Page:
In distributed systems, failure is inevitable. Eventually, some service will become bogged down and consequently won’t respond quickly enough or, worse, a service will simply die. Services relying on a degraded (or dead!) service will naturally become affected and potentially cascade instability throughout the system, unless all services are properly built with isolation and in mind.
Netflix experienced the vexation distributed system failures inflict and developed Hystrix as a sophisticated implementation of the Circuit Breaker pattern. Briefly, Hystrix is
a latency and fault tolerance library designed to isolate points of access to remote systems, services and 3rd party libraries, stop cascading failure and enable resilience in complex distributed systems where failure is inevitable.
Indeed, Hystrix is leveraged heavily at Netflix and
tens of billions of thread-isolated and hundreds of billions of semaphore-isolated calls are executed via Hystrix every day at Netflix and a dramatic improvement in uptime and resilience has been achieved through its use.
While Hystrix is implemented in Java, alternate implementations are available. In fact, if you’re building a service in Go, then you’ll most definitely want to take a look at hystrix-go, which as its name implies, is a fairly easy to use Go implementation of Hystrix.
As an example, here’s some Go code that queries a 3rd party service (in this case, JIRA, in order to fetch open issues):
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This code works well enough until JIRA starts to have issues, in which case, a timeout will eventually create a rather nasty error within the calling code. In fact, Go’s built in panic will occur:
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Of course, I could naturally build in some guard-like code to handle these errors, or I could use a framework modeled after Hystrix to do that for me. As I’m lazy, I tend to want to leverage other people’s expertise and hystrix-go is no exception!
Naturally, you’ll first need to import hystrix-go:
hystrix-go is super simple to implement in your code – you simply implement your logic inside a
hystrix.Go function (which internally creates a goroutine). What’s more, you create a fallback function, which is invoked in an error condition (such as a timeout, etc).
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hystrix.Go function takes three arguments, the last two being anonymous functions: the first one being your normal logic, and the last being your desired fallback logic. You can naturally use a Go Channel to receive data back from either function.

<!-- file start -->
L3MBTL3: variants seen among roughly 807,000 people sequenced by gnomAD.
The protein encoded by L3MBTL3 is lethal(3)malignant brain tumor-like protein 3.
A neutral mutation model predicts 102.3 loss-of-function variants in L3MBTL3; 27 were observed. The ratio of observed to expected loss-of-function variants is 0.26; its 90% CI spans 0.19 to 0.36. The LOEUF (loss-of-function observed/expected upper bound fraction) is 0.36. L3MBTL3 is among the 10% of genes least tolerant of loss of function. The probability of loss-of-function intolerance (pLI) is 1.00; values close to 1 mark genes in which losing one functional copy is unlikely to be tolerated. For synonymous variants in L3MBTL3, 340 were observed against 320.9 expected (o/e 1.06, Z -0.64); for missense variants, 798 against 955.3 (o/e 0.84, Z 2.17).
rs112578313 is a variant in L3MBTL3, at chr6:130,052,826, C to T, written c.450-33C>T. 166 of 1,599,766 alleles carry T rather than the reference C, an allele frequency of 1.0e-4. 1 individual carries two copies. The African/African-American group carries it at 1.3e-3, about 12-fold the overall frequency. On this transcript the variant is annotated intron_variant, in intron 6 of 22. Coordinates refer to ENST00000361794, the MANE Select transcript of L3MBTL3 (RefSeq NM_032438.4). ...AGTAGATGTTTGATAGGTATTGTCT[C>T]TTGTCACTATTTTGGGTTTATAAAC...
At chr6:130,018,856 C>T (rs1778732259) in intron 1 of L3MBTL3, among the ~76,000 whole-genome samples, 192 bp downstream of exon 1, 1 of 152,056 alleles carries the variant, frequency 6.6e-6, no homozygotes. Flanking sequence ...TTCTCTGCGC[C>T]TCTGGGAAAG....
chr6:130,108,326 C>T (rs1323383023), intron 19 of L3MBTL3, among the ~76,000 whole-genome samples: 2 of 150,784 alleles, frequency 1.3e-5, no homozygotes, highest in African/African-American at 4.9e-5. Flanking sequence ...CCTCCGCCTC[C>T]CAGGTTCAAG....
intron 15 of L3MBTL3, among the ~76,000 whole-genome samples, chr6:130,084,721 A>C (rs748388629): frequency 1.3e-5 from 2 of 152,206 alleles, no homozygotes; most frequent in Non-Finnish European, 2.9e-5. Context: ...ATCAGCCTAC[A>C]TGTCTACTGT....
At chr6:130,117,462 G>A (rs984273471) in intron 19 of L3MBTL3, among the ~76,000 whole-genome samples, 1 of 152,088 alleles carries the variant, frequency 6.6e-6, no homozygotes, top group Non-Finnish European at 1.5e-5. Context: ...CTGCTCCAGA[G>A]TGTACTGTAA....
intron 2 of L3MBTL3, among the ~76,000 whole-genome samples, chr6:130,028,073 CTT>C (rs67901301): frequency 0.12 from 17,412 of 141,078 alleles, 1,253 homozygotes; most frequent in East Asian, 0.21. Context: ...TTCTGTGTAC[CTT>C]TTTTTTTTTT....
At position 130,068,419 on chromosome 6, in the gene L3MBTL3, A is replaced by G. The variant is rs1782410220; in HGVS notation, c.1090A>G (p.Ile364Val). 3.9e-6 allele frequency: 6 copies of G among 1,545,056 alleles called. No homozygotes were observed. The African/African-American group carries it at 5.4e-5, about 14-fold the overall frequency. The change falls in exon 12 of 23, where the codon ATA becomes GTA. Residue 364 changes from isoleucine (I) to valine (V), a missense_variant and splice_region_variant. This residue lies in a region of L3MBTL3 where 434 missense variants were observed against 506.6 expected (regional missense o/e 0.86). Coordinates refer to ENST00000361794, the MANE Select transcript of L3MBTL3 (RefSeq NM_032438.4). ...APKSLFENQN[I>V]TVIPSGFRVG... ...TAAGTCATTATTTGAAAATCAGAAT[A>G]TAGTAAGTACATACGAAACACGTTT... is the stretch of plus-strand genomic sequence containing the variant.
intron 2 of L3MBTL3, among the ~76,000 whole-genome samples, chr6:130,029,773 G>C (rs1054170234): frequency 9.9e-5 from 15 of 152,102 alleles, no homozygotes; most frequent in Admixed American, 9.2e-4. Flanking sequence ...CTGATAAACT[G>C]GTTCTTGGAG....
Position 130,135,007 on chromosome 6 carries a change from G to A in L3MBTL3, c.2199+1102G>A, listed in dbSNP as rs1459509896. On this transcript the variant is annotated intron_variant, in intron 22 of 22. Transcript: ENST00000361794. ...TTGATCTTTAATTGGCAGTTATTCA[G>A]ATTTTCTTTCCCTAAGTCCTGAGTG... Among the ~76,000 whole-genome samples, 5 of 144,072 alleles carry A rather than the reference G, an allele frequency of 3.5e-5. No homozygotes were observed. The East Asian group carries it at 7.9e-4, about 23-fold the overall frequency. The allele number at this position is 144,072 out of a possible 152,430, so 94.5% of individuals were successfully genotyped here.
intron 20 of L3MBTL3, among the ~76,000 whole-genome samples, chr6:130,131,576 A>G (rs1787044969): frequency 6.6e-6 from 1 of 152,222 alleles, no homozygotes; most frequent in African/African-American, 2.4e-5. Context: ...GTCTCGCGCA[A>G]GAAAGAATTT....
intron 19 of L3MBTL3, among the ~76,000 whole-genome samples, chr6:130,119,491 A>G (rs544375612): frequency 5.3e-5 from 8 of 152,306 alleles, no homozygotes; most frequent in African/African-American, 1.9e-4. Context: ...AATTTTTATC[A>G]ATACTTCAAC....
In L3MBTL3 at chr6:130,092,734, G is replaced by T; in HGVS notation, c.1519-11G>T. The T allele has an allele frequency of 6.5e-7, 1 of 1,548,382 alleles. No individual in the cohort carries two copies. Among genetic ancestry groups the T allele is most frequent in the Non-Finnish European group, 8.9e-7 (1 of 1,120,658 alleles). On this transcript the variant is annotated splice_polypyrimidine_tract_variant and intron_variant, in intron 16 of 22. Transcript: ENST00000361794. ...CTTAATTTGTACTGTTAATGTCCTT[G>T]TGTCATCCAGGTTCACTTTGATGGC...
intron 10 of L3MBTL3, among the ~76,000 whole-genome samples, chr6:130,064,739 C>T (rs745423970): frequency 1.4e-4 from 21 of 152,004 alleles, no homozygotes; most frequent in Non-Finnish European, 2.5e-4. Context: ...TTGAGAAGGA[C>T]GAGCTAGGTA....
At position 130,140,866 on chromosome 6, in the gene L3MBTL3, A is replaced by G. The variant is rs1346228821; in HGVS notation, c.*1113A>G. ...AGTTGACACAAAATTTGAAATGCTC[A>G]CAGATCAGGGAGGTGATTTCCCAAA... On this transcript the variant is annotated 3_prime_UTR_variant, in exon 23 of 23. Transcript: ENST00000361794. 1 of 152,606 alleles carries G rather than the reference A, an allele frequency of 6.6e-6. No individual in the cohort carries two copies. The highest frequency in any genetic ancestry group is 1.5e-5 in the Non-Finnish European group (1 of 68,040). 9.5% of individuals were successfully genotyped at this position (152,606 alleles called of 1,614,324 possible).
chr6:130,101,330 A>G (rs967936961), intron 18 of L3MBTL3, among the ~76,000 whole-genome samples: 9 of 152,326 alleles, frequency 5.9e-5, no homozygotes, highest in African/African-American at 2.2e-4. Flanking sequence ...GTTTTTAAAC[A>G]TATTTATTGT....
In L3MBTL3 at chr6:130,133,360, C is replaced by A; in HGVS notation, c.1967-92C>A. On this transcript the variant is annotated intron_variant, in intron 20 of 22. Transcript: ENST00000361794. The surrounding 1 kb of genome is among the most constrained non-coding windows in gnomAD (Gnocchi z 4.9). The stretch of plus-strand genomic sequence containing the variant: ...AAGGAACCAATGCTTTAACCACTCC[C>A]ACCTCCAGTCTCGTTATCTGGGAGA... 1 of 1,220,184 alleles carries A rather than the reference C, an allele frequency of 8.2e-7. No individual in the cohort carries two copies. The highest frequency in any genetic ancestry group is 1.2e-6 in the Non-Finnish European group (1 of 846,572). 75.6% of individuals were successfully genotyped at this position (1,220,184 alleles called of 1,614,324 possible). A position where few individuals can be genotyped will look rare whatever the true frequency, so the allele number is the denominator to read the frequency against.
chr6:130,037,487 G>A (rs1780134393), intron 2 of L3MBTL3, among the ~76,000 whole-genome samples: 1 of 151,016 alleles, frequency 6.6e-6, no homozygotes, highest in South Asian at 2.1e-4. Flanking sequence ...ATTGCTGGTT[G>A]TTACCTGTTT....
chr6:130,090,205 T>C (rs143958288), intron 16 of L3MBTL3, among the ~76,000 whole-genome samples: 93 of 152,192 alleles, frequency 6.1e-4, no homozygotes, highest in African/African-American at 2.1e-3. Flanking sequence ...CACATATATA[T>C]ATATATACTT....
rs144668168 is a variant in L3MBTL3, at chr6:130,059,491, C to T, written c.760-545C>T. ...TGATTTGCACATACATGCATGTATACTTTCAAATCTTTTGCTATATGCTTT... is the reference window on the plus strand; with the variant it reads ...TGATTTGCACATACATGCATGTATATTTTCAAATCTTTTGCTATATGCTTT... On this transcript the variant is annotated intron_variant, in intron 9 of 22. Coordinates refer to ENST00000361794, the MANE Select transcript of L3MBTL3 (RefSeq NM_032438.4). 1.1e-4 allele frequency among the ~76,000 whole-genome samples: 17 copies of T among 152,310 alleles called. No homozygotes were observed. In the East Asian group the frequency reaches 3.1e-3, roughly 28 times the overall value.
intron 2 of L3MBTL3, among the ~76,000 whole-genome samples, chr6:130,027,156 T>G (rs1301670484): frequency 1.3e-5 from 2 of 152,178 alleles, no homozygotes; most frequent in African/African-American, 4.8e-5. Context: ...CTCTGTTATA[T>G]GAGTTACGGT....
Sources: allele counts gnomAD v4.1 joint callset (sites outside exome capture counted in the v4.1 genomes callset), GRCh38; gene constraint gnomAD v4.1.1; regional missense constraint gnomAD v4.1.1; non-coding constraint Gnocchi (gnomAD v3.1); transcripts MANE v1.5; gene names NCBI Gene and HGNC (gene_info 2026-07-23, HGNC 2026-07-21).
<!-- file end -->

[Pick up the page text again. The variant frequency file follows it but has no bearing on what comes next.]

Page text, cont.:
string first argument is a key, which can be matched with a unique configuration. For instance, you can set up individual timeouts and even error thresholds before a fallback kicks in.
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In the case above, timeouts are in milliseconds; consequently, the command
unique_command will trigger a fallback condition after 1 second. The library is well tested and I recommend reading some of its tests to see various fallback conditions triggered.
Armed with the knowledge of how to add a fallback and configure any conditions associated with it, it’s super easy to incorporate legitimate fault tolerance in any go code. For instance, I can take that JIRA invoking code and wrap it inside a
hystrix.Go function like so:
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In this case, I’ve also specified that the “Get all Issues” keyed function will trigger a timeout after 2 seconds. My normal logic leveraging an HTTP
GET is placed inside the first anonymous function and my fallback logic is placed in the second. This fallback logic simply returns an empty response so as not to completely affect downstream services relying on some sort of response. That is, if JIRA is slow, down, or just not responding, rather than a panic being generated, an empty response is returned. This ostensibly prohibits a cascading error chain.
Of course, my fallback code could do other logic, if deemed necessary; what’s more, my fallback code can detect the type of error generated. For instance, my fallback code could react differently in the case of a timeout as opposed to a concurrency issue. The
error object passed into the fallback function can be queried easily enough:
if err.Error() == "max concurrency".
Netflix has seen success with Hystrix in a large volume, highly distributed system. If you want to build tolerance into any Go services, then I can’t recommend hystrix-go enough: it’s super easy to set up and use.